Camilla, on horseback, told Charles, on horseback, the first time they met, "That's a fine animal you have there, Sir." (A very effective opening line. Observes Brown: "Women who love horses usually love sex.")

How many times did Diana see Charles before their wedding? Thirteen.

How often did Charles and Diana make love? Once every three weeks, at best. In the missionary position.

When the marriage ended, what did Charles do with the unused wedding presents? Had them piled up in the garden -- and burned.

And there's so much more. Do the strange rituals of the Royal Family appeal to you? Are you curious about gossip columnists and photographers? And, most of all, do you get off on the sense of being in the room with real-life celebrities as their lives fall apart? Then The Diana Chronicles is an extra-large box of chocolates.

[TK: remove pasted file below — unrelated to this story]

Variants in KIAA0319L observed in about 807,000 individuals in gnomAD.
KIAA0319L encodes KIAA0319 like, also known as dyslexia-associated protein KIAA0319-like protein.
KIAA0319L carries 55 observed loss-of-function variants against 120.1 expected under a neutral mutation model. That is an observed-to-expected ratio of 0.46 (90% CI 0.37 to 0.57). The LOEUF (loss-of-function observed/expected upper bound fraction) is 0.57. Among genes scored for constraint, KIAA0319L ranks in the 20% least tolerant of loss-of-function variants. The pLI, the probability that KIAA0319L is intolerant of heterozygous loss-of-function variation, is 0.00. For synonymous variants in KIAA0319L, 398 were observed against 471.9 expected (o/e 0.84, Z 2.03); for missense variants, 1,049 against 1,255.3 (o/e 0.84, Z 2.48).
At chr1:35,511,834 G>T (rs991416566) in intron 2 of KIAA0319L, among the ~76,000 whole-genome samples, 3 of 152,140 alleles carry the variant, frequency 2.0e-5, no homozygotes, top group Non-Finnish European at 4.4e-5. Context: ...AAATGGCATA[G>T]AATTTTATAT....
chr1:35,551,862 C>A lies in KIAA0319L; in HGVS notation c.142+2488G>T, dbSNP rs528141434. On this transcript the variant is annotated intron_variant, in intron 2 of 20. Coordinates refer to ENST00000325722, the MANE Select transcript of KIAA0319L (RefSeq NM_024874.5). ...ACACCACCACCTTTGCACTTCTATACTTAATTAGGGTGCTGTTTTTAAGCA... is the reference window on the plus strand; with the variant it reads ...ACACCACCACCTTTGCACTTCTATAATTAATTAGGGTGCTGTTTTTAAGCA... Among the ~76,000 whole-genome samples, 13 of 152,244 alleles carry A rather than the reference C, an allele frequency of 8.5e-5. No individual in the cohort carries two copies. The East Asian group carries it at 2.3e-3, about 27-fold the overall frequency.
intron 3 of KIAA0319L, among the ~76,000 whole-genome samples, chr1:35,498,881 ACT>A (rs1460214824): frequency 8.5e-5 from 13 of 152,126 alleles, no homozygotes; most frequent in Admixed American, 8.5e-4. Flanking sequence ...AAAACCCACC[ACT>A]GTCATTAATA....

But this book is not just the greatest Vanity Fair cover story never written. Brown has a thesis. She doesn't bang you over the head with it -- it develops naturally. Like this: A shy, uneducated, dreamy girl from a dysfunctional family pushes herself into her country's ultimate family. Instead of finding Prince Charming, she finds herself married to a man who sneaks off to his lover every chance he gets. She's desperate for a hug from his mum, which is, of course, the last thing the Queen is able to give her. The marriage turns into the royal version of A Star Is Born -- she's going up, he's coming down. Envy, misunderstanding and misery ensue. Which leads to the wrong man, and another, and another, until she bottoms out with Dodi Fayed. "Diana told herself she was looking for love," Brown writes. "But what she was really seeking was a guy with a Gulfstream."